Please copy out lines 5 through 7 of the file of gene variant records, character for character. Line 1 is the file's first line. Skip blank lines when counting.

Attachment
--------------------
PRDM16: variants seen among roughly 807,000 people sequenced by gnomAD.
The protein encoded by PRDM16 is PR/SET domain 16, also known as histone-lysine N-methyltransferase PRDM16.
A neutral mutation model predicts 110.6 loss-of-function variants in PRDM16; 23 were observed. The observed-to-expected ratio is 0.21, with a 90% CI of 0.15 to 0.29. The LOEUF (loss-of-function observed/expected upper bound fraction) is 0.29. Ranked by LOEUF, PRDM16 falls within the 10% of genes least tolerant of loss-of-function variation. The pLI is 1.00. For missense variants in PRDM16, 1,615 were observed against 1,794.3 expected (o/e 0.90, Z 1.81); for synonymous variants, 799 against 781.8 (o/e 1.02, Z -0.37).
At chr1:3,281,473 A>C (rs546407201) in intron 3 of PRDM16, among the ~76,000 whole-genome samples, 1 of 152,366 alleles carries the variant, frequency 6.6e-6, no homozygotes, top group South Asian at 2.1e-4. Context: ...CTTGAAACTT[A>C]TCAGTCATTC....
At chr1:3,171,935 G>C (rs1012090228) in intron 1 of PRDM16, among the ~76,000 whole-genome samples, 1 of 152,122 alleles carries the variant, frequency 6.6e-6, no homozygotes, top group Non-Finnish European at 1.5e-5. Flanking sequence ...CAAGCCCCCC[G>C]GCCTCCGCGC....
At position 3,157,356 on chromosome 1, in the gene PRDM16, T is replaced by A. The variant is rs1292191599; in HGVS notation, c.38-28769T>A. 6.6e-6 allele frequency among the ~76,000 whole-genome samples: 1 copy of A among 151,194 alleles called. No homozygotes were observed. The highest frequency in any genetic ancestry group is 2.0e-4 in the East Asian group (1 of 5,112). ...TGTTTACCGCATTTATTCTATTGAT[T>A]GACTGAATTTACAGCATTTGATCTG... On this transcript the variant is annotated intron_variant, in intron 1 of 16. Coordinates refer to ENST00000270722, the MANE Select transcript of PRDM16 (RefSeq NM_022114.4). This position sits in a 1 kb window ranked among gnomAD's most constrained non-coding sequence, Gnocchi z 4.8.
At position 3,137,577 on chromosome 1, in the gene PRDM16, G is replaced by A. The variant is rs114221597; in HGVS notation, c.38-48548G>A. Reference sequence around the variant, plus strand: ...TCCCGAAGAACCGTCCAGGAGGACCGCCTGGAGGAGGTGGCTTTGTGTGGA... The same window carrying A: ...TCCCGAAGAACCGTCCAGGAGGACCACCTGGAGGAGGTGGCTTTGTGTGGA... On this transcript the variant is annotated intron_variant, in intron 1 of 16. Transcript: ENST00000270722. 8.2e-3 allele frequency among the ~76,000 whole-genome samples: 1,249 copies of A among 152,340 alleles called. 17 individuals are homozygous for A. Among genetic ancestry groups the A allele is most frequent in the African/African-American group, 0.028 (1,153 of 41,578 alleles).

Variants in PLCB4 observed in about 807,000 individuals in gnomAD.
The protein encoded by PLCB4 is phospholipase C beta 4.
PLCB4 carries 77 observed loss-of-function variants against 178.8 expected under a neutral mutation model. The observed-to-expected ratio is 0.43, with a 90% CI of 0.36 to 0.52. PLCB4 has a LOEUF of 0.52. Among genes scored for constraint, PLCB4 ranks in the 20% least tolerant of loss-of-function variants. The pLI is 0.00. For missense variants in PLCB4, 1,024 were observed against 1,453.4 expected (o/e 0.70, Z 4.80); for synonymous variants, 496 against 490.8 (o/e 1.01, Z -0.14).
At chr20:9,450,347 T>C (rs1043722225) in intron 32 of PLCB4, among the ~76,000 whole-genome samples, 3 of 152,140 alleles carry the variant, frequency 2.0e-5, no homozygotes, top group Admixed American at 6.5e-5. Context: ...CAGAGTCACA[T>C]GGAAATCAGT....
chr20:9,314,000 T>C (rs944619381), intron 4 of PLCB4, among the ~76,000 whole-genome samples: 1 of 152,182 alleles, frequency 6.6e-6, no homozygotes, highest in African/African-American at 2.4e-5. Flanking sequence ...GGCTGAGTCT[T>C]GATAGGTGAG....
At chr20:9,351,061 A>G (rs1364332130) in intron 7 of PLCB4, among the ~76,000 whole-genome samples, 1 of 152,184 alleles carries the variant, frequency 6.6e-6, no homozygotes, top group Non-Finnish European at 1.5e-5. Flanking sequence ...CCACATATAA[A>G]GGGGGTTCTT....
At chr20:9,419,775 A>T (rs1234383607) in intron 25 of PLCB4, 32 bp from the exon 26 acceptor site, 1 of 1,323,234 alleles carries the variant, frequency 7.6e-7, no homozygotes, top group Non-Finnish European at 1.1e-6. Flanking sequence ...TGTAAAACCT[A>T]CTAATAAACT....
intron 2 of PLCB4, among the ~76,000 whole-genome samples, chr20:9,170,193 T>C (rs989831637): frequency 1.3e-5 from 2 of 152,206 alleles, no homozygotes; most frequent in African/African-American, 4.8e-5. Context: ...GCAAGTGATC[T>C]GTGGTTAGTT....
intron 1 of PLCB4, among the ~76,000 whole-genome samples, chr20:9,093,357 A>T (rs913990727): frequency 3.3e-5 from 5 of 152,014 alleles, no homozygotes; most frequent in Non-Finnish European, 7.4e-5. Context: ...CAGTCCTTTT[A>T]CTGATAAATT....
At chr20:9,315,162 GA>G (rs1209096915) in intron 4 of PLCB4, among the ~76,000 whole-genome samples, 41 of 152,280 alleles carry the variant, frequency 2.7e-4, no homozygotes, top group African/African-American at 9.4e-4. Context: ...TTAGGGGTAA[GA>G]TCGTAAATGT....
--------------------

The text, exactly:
At chr1:3,171,935 G>C (rs1012090228) in intron 1 of PRDM16, among the ~76,000 whole-genome samples, 1 of 152,122 alleles carries the variant, frequency 6.6e-6, no homozygotes, top group Non-Finnish European at 1.5e-5. Flanking sequence ...CAAGCCCCCC[G>C]GCCTCCGCGC....
At position 3,157,356 on chromosome 1, in the gene PRDM16, T is replaced by A. The variant is rs1292191599; in HGVS notation, c.38-28769T>A. 6.6e-6 allele frequency among the ~76,000 whole-genome samples: 1 copy of A among 151,194 alleles called. No homozygotes were observed. The highest frequency in any genetic ancestry group is 2.0e-4 in the East Asian group (1 of 5,112). ...TGTTTACCGCATTTATTCTATTGAT[T>A]GACTGAATTTACAGCATTTGATCTG... On this transcript the variant is annotated intron_variant, in intron 1 of 16. Coordinates refer to ENST00000270722, the MANE Select transcript of PRDM16 (RefSeq NM_022114.4). This position sits in a 1 kb window ranked among gnomAD's most constrained non-coding sequence, Gnocchi z 4.8.
At position 3,137,577 on chromosome 1, in the gene PRDM16, G is replaced by A. The variant is rs114221597; in HGVS notation, c.38-48548G>A. Reference sequence around the variant, plus strand: ...TCCCGAAGAACCGTCCAGGAGGACCGCCTGGAGGAGGTGGCTTTGTGTGGA... The same window carrying A: ...TCCCGAAGAACCGTCCAGGAGGACCACCTGGAGGAGGTGGCTTTGTGTGGA... On this transcript the variant is annotated intron_variant, in intron 1 of 16. Transcript: ENST00000270722. 8.2e-3 allele frequency among the ~76,000 whole-genome samples: 1,249 copies of A among 152,340 alleles called. 17 individuals are homozygous for A. Among genetic ancestry groups the A allele is most frequent in the African/African-American group, 0.028 (1,153 of 41,578 alleles).